Oregon Hood Strawberry Jam with Pinot Noir

Perfect wine pairing: 2016 Pinot noir Cuvée

Strawberry Pinot noir Jam

Wine jams are simply amazing and I would even go as far as to say life changing. They are as elevated as you want them to be or as simple as you need them to be. From the delightfully elegant brie en croute to a grown-up pb & j, this is a versatile, do-it-all type of recipe. The Pinot noir in this recipe adds a delicious complexity to the jam, bringing out earthier notes and adding an undertone that is mellow but distinctly unique.

Here in Oregon, we are incredibly spoiled with the best seasonal produce. The Pacific Northwest’s agriculture-friendly climate means that berries abound. You are never more than a few miles from a berry stand or U-pick farm full of the most incredible selection of berries, stone fruit, melons…

Making homemade jam has long been a tradition in my family. I have so many memories of picking berries, then standing on our kitchen stool to reach high enough to stir the jam. As I grew older, my love for sunshine-filled days and fresh produce didn’t subside, but I did find myself with a hankering for a slightly more “grown up” version. Enter…Pinot noir!

The key to a wonderful jam is cooking it thoroughly – and there are several methods to determine if your jam has finished cooking. One option is waiting until the thermometer hits 220°F. For some people, including my younger sister, this method works wonderfully. I prefer using a more homegrown method of testing my jam which is detailed below if you want to give it a try! I enjoy it for a couple reasons – first, I feel more confident that I am going to get my exact desired consistency, second, I don’t run the risk of burning, scorching, or over setting my jam and third, it is a great opportunity to sneak in more taste testing. While this preference is entirely anecdotal, it hasn’t yet led me astray but whatever method easiest for you is what I recommend! 

This jam will hold in the refrigerator for weeks and I always find plenty of excuses to use it. One of the easiest is to throw together a simple cheese board for guests- easy and such a fun way to brag about your culinary accomplishments! Another favorite is a warm topping for some vanilla ice cream, you’re so welcome. If you want to make more than what you can use in a few weeks, don’t be deceived – the canning process has a big bark but no bite! It is a snap to can your own jam, and everything you need should be readily available at your grocer. We have also found the best no fuss, no nonsense guide to perfect canning every time. Find it here!

Ingredients: 

  • 6 cups fresh strawberries. We seized the opportunity to use our fresh Oregon Hood strawberries – the BEST for homemade jam!
  • 1 ¼ cup Pinot Noir. For this recipe, we used a Cuvée
  • 3 cups sugar
  • ½ tsp. ground cinnamon
  • ½ tsp. vanilla extract
  • 2 T. lemon juice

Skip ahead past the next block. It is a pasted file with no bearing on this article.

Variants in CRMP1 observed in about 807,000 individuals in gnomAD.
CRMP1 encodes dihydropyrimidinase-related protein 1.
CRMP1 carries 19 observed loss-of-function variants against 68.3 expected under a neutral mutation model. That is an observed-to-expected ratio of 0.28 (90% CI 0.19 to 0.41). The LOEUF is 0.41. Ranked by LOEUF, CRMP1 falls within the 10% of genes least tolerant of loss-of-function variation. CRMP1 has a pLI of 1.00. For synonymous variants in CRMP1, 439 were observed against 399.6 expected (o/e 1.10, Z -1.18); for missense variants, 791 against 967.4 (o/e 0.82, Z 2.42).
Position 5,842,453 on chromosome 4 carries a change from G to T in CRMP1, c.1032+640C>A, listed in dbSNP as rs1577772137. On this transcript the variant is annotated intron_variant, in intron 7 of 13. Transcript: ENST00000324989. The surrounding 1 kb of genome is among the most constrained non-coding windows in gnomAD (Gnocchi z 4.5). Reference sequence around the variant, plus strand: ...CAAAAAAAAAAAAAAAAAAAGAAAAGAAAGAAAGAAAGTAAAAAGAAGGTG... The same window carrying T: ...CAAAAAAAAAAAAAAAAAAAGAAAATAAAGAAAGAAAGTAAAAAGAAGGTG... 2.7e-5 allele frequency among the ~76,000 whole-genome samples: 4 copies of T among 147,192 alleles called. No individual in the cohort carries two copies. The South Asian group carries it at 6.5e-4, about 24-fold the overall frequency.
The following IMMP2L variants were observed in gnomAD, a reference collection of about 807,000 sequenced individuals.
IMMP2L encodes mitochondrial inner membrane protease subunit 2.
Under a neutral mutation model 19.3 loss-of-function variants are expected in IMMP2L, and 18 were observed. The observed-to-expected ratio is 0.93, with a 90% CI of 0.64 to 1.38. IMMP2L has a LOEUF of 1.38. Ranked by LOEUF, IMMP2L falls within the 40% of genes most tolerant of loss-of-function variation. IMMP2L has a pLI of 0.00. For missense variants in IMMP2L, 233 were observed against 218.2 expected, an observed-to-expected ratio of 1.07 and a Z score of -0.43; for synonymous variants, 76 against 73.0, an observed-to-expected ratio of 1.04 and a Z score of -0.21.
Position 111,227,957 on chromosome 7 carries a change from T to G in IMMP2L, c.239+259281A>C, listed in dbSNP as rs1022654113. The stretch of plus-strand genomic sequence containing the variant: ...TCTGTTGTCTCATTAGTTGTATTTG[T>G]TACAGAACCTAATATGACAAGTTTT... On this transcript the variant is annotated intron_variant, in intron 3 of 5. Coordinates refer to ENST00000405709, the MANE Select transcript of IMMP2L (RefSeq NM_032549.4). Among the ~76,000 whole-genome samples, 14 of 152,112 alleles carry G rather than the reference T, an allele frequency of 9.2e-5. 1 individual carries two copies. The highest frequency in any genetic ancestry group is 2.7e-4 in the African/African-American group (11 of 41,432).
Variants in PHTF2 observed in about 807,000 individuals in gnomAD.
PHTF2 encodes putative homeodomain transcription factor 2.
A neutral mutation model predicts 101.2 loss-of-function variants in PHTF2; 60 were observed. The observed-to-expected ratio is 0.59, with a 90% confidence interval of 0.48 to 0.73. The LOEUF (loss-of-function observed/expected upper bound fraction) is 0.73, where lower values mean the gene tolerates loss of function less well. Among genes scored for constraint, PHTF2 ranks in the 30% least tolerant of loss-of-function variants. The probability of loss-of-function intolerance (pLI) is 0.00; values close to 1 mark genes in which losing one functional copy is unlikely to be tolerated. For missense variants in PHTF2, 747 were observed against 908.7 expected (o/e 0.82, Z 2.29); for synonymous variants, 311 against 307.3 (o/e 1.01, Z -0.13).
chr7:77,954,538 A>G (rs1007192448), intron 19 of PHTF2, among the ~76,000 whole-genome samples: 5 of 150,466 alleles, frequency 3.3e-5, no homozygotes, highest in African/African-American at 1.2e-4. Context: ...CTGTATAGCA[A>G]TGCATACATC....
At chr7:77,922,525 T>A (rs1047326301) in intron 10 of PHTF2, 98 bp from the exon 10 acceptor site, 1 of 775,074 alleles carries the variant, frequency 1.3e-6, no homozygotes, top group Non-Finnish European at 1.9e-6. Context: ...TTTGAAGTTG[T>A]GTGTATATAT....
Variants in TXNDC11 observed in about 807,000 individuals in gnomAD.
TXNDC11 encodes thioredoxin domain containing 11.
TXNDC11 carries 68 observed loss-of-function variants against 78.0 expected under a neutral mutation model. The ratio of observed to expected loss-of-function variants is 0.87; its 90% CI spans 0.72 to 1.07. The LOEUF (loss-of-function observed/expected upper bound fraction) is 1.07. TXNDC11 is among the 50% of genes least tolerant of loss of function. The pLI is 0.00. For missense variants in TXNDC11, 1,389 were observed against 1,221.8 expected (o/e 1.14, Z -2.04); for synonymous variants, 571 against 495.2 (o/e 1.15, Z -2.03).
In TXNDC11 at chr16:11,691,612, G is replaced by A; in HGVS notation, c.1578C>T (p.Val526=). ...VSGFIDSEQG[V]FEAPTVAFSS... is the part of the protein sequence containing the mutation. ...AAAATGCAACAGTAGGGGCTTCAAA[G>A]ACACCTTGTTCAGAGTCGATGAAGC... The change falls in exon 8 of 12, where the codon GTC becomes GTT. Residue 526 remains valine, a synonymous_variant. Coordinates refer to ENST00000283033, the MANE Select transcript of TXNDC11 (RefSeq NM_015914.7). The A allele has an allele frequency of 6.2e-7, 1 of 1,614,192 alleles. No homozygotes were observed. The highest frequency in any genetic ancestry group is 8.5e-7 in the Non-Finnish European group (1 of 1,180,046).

Directions:

  1. Place a dessert plate in the refrigerator. This will come into play further on, trust us.
  2. De-stem, and then lightly rinse strawberries. Pat Dry.
  3. Place strawberries and wine into large pot.
  4. Cook on medium-high until fragrant and strawberries begin to cook down. The pulp in the fruit will become visible. 
  5. Add sugar and cook until sugar has dissolved completely.
  6. Add cinnamon, lemon juice, and vanilla.
  7. Simmer 30-40 minutes on medium to medium-high.

We’re waiting for the mixture to reduce as the alcohol burns off, but also for pectin to release from the strawberries. This is what will naturally thicken the jam. The pectin releases when the bubbling slows and the jam gets darker and glossier and more viscous. 

Testing for Setness:

Testing Jam for Setness

  1. When you think your jam is ready (or if you’re fancy and using a thermometer and your jam reads 220°F) take the jam off the heat and pull your chilled plate out of the fridge. Scoop a small dollop of hot jam, dot it on the plate and draw a line through your dollop of jam either with the back of the spoon or your finger.
  2. If it immediately runs or appears liquidy, it is not ready.
  3. If it remains separated, place the plate back in the refrigerator and set a timer for three minutes.

While you wait, sip a glass of Pinot noir. Your hard work’s almost over!

  1. When you remove your plate, your jam should not have run together or combined. If it has run at all, it is not ready. Put the jam back on medium-high for another minute or two. Repeat the process with the chilled plate until you see it hasn’t moved after removing from the fridge. Then, you’re done!

Serve immediately atop a wedge of brie for a truly out-of-this-world experience. Enjoy with your glass of Pinot.

Place the jam into a refrigerator safe container to store, or fill jars to seal using a water bath. Remember, it takes pectin 24 to 48 hours to fully set!  

 

Maija Teppola

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